Core Outcome Measures in Effectiveness Trials

What is important to people living with dementia?: the 'long-list' of outcome items in the development of a core outcome set for use in the evaluation of non-pharmacological community-based health and social care interventions

General Information

Abstract:
BACKGROUND: Core outcome sets (COS) prioritise outcomes based on their importance to key stakeholders, reduce reporting bias and increase comparability across studies. The first phase of a COS study is to form a 'long-list' of outcomes. Key stakeholders then decide on their importance. COS reporting is described as suboptimal and this first phase is often under-reported. Our objective was to develop a 'long-list' of outcome items for non-pharmacological interventions for people with dementia living at home. METHODS: Three iterative phases were conducted. First, people living with dementia, care partners, health and social care professionals, policymakers and researchers (n = 55) took part in interviews or focus groups and were asked which outcomes were important. Second, existing dementia trials were identified from the ALOIS database. 248 of 1009 pharmacological studies met the inclusion criteria. Primary and secondary outcomes were extracted from a 50% random sample (n = 124) along with eight key reviews/qualitative papers and 38 policy documents. Third, extracted outcome items were translated onto an existing qualitative framework and mapped into domains. The research team removed areas of duplication and refined the 'long-list' in eight workshops. RESULTS: One hundred seventy outcome items were extracted from the qualitative data and literature. The 170 outcome items were consolidated to 54 in four domains (Self-Managing Dementia Symptoms, Quality of Life, Friendly Neighbourhood & Home, Independence). CONCLUSIONS: This paper presents a transparent blueprint for 'long-list' development. Though a useful resource in their own right, the 54 outcome items will be distilled further in a modified Delphi survey and consensus meeting to identify core outcomes.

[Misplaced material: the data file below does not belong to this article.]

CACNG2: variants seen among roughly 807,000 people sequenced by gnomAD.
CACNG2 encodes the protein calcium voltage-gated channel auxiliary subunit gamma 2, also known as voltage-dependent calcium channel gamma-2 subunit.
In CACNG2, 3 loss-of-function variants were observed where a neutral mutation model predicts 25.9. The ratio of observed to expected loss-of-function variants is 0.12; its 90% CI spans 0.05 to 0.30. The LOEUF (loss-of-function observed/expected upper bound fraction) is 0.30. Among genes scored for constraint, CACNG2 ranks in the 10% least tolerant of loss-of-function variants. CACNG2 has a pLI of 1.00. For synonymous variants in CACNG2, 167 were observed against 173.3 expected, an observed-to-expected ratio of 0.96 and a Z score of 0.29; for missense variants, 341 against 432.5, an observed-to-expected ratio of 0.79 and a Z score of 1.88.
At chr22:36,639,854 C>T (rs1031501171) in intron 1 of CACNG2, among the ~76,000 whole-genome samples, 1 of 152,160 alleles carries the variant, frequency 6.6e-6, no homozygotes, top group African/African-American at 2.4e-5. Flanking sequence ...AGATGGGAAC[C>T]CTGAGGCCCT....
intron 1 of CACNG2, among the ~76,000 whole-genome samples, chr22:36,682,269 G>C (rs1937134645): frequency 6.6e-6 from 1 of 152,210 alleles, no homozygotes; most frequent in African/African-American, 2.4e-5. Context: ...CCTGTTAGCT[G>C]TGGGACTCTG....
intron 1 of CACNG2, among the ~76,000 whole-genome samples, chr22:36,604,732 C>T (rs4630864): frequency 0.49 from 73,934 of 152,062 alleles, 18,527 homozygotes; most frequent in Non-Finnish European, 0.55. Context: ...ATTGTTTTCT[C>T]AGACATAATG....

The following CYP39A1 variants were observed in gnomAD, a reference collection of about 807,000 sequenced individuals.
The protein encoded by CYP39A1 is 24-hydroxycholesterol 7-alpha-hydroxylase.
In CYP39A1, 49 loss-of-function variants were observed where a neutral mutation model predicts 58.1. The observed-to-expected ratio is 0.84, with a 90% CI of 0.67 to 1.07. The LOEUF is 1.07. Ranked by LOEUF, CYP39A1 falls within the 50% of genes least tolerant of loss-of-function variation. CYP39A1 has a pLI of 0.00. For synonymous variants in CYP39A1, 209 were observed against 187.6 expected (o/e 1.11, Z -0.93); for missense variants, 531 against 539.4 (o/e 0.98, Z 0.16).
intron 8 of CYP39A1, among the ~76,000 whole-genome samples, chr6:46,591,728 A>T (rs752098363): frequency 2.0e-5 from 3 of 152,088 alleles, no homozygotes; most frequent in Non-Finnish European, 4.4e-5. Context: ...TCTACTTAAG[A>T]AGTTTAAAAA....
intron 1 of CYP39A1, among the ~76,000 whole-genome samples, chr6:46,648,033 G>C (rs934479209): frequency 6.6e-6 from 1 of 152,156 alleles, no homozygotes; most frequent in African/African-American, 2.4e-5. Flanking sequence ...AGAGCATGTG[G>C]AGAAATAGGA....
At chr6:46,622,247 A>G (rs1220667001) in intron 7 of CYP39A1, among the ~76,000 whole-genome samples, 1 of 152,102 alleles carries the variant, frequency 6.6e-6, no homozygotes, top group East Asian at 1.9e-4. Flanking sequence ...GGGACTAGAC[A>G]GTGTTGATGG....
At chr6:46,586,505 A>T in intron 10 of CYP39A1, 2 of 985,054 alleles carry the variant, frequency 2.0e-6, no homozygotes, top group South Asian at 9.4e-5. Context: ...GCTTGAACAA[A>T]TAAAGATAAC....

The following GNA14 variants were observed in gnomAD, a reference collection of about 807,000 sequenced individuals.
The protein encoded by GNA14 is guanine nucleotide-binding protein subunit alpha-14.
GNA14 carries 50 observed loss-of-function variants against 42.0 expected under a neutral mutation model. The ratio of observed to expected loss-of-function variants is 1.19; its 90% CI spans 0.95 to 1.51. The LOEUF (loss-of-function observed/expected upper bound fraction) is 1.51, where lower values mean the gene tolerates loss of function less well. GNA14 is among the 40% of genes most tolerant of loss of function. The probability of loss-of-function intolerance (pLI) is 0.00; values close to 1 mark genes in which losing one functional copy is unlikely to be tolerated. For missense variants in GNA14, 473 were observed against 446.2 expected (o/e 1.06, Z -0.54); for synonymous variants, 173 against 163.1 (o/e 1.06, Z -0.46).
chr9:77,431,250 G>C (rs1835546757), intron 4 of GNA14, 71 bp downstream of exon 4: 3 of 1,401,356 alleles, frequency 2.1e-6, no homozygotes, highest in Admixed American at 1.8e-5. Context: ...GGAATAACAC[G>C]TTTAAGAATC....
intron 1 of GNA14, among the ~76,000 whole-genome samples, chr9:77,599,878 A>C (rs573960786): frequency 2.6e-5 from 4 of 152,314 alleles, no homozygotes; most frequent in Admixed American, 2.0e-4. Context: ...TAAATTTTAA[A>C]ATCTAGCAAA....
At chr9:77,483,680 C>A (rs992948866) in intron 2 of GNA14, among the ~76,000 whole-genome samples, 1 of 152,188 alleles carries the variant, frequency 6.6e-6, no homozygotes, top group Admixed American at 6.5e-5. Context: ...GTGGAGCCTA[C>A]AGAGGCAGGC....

Authors:
Harding, A. J. E. Morbey, H. Ahmed, F. Opdebeeck, C. Lasrado, R. Williamson, P. R. Swarbrick, C. Leroi, I. Challis, D. Hellstrom, I. Burns, A. Keady, J. Reilly, S. T.

Publication

Journal:
BMC Geriatr
Volume:
19
Issue:
1
Pages:
94 -
Year:
2019
DOI:
Further Study Information

Date:
Funding source(s):

Health Area

Disease Category
Neurology

Disease Name
Dementia

Target Population

Age Range
-

Sex
Either


Nature / type of Intervention
Unknown

Method(s)

Focus group(s)
Interview
Literature review

Three iterative phases were conducted. First, people living with dementia, care partners, health and social care professionals, policymakers and researchers (n =?55) took part in interviews or focus groups and were asked which outcomes were important. Second, existing dementia trials were identified from the ALOIS database. 248 of 1009 pharmacological studies met the inclusion criteria. Primary and secondary outcomes were extracted from a 50% random sample (n =?124) along with eight key reviews/qualitative papers and 38 policy documents. Third, extracted outcome items were translated onto an existing qualitative framework and mapped into domains. The research team removed areas of duplication and refined the 'long-list' in eight workshops.


Stakeholders Involved

Clinical experts
Consumers (caregivers)
Consumers (patients)
Policy makers
Researchers

Study Type

COS for clinical trials or clinical research

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